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Year : 2013  |  Volume : 6  |  Issue : 4  |  Page : 372-373  

Abnormal liver function in dengue: A topic to be considered


Visiting Professor, Hainan Medical University, China; Visiting professor, Faculty of Medicine, University of Nis, Serbia; adjunct professor, Joseph Ayobabalola University,Nigeria

Date of Web Publication17-Sep-2013

Correspondence Address:
Viroj Wiwanitkit
Professor, Wiwanitkit House, Bangkhae, Thailand-10160, Bangkok

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Source of Support: None, Conflict of Interest: None


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How to cite this article:
Wiwanitkit V. Abnormal liver function in dengue: A topic to be considered. Med J DY Patil Univ 2013;6:372-3

How to cite this URL:
Wiwanitkit V. Abnormal liver function in dengue: A topic to be considered. Med J DY Patil Univ [serial online] 2013 [cited 2021 Jul 25];6:372-3. Available from: https://www.mjdrdypu.org/text.asp?2013/6/4/372/118272

Dengue is an important tropical mosquito-borne infectious disease. This disease causes public health problems to several tropical endemic countries. Classically, this infection is defined as blood infection and the main clinical presentations include high fever (acute febrile illness), thrombocytopenia, and hemoconcentration.[1] Nevertheless, the pathogenic dengue virus can also cause other atypical clinical presentation. Of several organs that can be involved by dengue virus, liver is an important organ that gets several insults from dengue. Involvement of liver cells in dengue infection is confirmed,[2] and it is no doubt that liver abnormalities can be observed in dengue. According to a report from Thailand, an endemic country in Southeast Asia, the overall rate of liver dysfunction in dengue patients was 34.6%.[3] It was also observed that the rate of liver dysfunction among the patients with and without shock was not significantly different.[3] Nevertheless, it was reported that higher transaminase levels could be observed in the patients with more severe infection.[4] Of interest, some patients with abnormal liver function tests end up with hepatic encephalopathy and death.[3]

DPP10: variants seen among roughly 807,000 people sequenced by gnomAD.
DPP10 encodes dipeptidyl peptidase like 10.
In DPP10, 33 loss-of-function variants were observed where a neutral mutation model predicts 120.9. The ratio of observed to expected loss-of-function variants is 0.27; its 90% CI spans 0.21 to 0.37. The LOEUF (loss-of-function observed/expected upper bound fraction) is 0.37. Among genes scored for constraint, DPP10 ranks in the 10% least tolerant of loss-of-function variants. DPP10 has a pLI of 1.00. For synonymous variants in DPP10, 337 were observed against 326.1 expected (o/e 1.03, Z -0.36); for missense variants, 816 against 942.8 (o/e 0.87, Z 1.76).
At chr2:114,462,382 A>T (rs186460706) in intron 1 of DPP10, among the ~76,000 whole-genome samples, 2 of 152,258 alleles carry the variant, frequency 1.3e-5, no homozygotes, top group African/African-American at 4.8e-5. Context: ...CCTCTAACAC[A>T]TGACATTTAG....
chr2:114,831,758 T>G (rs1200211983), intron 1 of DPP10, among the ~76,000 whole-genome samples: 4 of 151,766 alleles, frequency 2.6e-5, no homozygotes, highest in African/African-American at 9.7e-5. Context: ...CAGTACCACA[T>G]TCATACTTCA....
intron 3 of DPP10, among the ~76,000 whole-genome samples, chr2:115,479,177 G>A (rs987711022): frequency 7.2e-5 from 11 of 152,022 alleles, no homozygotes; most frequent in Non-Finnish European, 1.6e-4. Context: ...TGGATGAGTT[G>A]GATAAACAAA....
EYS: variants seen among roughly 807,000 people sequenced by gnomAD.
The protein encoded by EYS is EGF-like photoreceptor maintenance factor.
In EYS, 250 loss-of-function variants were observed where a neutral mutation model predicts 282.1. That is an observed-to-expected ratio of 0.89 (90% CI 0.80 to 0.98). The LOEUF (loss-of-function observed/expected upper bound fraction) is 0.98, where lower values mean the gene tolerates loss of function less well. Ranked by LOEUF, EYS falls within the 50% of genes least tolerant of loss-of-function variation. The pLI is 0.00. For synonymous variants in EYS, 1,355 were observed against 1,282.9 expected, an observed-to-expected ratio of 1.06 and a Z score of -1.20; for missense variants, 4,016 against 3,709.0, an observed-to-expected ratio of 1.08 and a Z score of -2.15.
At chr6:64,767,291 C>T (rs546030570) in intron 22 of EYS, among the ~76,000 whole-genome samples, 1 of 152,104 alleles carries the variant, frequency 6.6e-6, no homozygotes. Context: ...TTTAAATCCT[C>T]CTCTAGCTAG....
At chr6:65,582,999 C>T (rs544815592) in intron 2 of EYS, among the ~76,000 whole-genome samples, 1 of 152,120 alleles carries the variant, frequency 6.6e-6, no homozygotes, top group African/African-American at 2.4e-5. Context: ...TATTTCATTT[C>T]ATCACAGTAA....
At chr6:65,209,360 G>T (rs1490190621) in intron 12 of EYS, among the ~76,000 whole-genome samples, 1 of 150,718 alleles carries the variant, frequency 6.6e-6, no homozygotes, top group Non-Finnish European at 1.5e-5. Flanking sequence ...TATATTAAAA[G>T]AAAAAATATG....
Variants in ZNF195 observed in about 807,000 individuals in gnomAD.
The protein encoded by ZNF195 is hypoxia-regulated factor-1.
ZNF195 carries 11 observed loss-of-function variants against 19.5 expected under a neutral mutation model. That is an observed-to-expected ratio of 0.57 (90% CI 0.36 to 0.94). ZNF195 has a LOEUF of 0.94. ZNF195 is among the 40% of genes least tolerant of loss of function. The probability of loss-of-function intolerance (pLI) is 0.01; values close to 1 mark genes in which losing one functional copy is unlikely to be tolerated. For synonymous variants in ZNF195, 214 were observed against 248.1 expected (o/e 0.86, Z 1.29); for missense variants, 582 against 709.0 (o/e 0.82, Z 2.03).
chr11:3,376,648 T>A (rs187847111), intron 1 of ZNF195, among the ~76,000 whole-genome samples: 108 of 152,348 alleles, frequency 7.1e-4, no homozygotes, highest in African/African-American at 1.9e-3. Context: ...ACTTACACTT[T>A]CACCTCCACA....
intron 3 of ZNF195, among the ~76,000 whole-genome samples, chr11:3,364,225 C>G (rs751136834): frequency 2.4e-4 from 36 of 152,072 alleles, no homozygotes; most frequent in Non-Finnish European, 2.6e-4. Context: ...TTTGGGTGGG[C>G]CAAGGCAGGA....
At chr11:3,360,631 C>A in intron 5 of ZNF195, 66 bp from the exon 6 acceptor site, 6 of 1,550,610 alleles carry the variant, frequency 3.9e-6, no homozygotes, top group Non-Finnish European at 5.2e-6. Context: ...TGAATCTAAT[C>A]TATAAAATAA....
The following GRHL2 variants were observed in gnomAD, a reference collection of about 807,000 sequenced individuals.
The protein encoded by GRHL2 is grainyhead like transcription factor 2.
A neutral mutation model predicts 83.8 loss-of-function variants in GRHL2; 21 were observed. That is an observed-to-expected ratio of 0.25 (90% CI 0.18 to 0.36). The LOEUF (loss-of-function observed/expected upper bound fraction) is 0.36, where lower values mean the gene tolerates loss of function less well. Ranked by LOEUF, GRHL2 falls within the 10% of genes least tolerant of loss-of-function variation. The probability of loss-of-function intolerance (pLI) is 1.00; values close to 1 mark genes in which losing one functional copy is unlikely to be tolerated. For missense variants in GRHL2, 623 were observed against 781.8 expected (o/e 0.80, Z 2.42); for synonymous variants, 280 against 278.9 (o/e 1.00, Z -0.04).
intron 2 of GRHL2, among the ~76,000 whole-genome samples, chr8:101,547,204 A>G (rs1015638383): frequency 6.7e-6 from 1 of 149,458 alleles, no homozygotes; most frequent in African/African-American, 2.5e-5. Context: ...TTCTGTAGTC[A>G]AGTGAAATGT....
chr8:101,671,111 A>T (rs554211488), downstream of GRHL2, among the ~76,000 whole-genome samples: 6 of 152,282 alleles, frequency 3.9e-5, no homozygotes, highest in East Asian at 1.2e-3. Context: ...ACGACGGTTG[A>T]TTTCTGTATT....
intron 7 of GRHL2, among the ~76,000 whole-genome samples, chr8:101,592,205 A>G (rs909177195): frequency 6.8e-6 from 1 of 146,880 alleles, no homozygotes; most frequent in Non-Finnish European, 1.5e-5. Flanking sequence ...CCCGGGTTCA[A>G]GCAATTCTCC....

Hence, the concern on liver abnormality in any patient with dengue is needed. In the endemic areas of dengue where the high prevalence of other hepatitis virus infections can be seen, there are several considerations. First, dengue might have its first presentation as hepatitis and the diagnosis of dengue might be delayed.[3] Jagadishkumar et al. suggested that "Any child with fever, jaundice, and tender hepatomegaly in geographical areas where dengue is endemic, the diagnosis of dengue infection should be strongly considered."[5] Second, the concurrent infection between dengue and hepatitis virus infection might lead to a more severe disease. In a recent report from Vietnam, Trung et al. reported that "chronic co-infection with hepatitis B was associated with modestly but significantly increased levels of alanine aminotransferase."[6] Third, to correspond with the possible liver dysfunction, the liver function test should be a laboratory investigation to be included in management of any patient with dengue.[1] Finally, due to the fact that dengue presently expands its geographical pattern to non-endemic area, the concern on dengue and its hepatitis presentation should be kept in mind of all practitioners.[7]

 
  References Top

1.Wiwanitkit V. Dengue fever: diagnosis and treatment. Expert Rev Anti Infect Ther 2010;8:841-5.   Back to cited text no. 1
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2.Colpitts TM, Barthel S, Wang P, Fikrig E. Dengue virus capsid protein binds core histones and inhibits nucleosome formation in human liver cells. PLoS One 2011;6:e24365.   Back to cited text no. 2
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3.Wiwanitkit V. Liver dysfunction in Dengue infection: an analysis of the previously published Thai cases. J Ayub Med Coll Abbottabad 2007;19:10-2.   Back to cited text no. 3
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4.Pancharoen C, Rungsarannont A, Thisyakorn U. Hepatic dysfunction in dengue patients with various severity. J Med Assoc Thai 2002;85(Suppl 1):S298-301.   Back to cited text no. 4
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5.Jagadishkumar K, Jain P, Manjunath VG, Umesh L. Hepatic involvement in dengue Fever in children. Iran J Pediatr 2012;22:231-6.   Back to cited text no. 5
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6.Trung DT, Thao le TT, Hien TT, Hung NT, Vinh NN, Hien PT, et al. Liver involvement associated with dengue infection in adults in Vietnam. Am J Trop Med Hyg 2010;83:774-80.   Back to cited text no. 6
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7.Bowman S, Salgado C, DeWaay DJ. Dengue fever presenting with hepatitis. Am J Med Sci 2012;344:335-6.  Back to cited text no. 7
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